Sibling Test Case Studies

Situations where AccuPlex DNA succeeded where a lesser test failed.

In a sibling comparison, the two siblings don’t have to share DNA in common at all the markers like a father and child. This means that the outcome of a sibling comparison relies solely on statistics. In a sibling case, we are trying to determine if it is more likely that they share two common parents, one common parent or no common parents. To put it another way, are they full siblings, half siblings, or unrelated?

We write two conclusions in our reports. The first conclusion assumes that the participants have the same mother, or one common parent, and gives the probability of whether they are full siblings or half siblings. The second conclusion assumes that the participants have different mothers and reports the probability of whether they are half siblings or unrelated.

Case Example #1


We’ve listed this case first because it illustrates perfectly why testing more markers will produce better quality results. We collected samples from our employees and their families, voluntarily of course, and performed sibling comparisons. One case stood out because two sisters, we knew were full siblings, were being reported as having a 95.39% probability they were half siblings with the 16 marker test. So, why did the 16 marker test produce a false result?

The sibling DNA test relies on statistics and, with a limited number of data points (16 markers), the statistics were wrong. Even though a high percentage of sibling cases with 16 markers will report what is reality, because it’s statistics, the calculation in some cases will get it wrong. In order to lower the possibility of this happening, we need to test more data points. When we examined these sisters with the 41 marker test, we found the probability to be 97.15% that they would be full siblings.

Case Example #2


The two siblings in this case were adults whose parents had passed away. They had different mothers and need to know if they were half siblings. They’d always had a suspicion that they might not share the same father and turned to DNA testing to put their minds at ease. The results of the 16 marker test found that the probability of being unrelated was only 78.83% and it seemed that their suspicion might be correct.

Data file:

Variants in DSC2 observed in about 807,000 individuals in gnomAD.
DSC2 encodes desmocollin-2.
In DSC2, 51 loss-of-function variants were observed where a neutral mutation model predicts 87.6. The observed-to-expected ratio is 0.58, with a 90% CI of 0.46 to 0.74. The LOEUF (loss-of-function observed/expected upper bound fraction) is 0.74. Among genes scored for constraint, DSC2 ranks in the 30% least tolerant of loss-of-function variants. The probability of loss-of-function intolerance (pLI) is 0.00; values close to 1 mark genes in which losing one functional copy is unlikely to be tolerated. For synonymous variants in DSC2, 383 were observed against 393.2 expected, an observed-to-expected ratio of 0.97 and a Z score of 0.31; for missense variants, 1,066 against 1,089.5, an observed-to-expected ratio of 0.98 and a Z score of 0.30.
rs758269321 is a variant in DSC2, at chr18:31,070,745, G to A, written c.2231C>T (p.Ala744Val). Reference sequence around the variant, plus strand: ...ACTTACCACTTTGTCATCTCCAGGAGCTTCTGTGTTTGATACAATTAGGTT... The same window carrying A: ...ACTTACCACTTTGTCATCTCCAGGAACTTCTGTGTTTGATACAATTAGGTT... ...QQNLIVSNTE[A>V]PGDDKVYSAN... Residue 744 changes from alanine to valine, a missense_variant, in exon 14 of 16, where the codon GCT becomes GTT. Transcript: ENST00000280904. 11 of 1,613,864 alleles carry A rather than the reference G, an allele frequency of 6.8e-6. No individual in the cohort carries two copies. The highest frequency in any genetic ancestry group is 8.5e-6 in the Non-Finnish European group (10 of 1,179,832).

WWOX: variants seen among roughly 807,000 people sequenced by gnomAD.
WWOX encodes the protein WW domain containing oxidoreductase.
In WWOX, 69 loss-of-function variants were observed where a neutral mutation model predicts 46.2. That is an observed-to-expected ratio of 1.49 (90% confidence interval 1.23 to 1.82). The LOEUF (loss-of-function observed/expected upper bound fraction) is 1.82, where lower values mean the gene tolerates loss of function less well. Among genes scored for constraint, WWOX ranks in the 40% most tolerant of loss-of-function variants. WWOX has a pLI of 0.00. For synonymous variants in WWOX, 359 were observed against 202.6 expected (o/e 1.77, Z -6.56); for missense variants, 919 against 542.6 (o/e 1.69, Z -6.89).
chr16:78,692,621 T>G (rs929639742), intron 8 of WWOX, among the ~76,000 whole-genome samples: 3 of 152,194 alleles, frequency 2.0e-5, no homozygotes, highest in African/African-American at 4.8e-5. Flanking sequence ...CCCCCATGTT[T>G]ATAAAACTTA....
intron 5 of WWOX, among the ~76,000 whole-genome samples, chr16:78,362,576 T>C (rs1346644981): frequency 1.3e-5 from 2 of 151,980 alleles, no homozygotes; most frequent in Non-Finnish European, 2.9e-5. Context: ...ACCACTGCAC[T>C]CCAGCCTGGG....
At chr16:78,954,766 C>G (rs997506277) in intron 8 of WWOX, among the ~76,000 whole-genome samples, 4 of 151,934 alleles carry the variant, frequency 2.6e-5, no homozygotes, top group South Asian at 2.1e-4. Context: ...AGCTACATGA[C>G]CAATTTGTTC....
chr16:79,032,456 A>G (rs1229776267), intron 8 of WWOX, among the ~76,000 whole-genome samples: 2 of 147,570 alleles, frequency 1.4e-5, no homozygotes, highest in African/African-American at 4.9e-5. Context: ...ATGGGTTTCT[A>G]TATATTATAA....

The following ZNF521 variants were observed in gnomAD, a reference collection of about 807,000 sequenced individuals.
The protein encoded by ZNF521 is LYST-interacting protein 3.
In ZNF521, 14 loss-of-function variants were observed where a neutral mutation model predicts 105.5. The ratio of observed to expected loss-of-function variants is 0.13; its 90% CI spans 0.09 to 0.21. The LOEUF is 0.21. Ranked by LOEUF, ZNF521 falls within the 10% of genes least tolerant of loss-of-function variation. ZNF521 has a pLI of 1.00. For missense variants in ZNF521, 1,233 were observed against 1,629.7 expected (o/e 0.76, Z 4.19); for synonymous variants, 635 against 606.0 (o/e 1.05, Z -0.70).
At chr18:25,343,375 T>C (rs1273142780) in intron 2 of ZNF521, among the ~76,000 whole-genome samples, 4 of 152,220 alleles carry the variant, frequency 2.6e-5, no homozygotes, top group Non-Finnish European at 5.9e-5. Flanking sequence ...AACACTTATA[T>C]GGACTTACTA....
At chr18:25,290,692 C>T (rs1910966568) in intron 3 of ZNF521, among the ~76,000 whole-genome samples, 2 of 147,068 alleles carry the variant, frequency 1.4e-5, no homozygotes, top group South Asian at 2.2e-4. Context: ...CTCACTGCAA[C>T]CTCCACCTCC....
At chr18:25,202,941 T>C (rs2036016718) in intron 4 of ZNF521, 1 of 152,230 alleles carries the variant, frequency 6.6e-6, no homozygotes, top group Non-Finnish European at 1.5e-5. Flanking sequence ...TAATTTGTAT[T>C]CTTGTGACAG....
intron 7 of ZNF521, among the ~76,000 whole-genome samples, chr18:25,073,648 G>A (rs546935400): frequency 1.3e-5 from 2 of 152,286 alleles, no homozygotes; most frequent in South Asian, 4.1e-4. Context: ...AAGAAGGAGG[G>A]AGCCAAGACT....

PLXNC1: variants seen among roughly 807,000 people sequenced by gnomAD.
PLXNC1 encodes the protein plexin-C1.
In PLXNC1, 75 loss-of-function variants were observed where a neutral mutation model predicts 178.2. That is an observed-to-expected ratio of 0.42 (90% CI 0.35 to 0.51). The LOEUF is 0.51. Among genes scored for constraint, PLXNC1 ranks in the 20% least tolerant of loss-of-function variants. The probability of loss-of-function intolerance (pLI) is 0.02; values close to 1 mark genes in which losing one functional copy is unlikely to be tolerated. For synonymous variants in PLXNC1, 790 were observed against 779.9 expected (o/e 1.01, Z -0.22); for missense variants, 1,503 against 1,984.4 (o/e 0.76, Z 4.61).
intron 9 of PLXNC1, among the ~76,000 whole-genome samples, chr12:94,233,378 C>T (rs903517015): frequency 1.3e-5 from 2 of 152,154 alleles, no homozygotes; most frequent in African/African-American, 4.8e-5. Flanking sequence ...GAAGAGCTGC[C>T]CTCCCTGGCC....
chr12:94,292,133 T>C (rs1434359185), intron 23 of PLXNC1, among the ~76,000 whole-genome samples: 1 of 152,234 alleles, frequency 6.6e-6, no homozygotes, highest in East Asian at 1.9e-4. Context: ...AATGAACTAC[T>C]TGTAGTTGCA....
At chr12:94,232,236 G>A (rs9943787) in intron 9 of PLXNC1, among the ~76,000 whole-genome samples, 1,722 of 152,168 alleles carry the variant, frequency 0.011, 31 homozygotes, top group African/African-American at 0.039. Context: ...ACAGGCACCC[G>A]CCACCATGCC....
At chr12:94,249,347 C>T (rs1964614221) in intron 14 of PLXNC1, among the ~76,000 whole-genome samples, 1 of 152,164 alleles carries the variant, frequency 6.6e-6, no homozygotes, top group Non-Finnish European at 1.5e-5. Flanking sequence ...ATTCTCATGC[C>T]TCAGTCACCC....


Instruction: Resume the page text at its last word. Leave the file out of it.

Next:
However, the percentage was not high enough to conclusively say they weren’t related. When we applied the 41 marker test to their case, we found that the probability they did not share the same father was 98.66%.

Case Example #3


In this sibling case, we were asked to determine if the two possible siblings were half siblings or unrelated. We were able to get samples from both mothers. We found that the probability they did not share the same father was 71.67% after testing all four people at 16 markers A percentage this low cannot be trusted. After testing with the 41 marker test, results indicated that the probability of being unrelated increased to 99.96%.

Case Example #4


In this case, the two men had the same mother and the standard 16 marker sibling test was performed. It was found that the probability of being half siblings was only 75.23%, which is not enough to be conclusive. When the 41 marker test was applied, they were found to be more likely to be full siblings at 99.77%. Noticing the dramatic change in the results lead to testing the two men’s Y-chromosomes. When asked to compare two male siblings there is an optional test that can be performed known as a Y-chromosome test.

The Y-chromosome is male DNA passed down identically from father to son. Two brothers from the same father should have identical Y-chromosome profiles. The Y-chromosome profiles were found to be identical and a probability of paternal line relationship was calculated to be 99.97%. The conclusion that can be drawn from cases like this is that 16 markers won’t be enough in some cases and the field of relationship testing should reconsider what they’re willing to report as conclusive.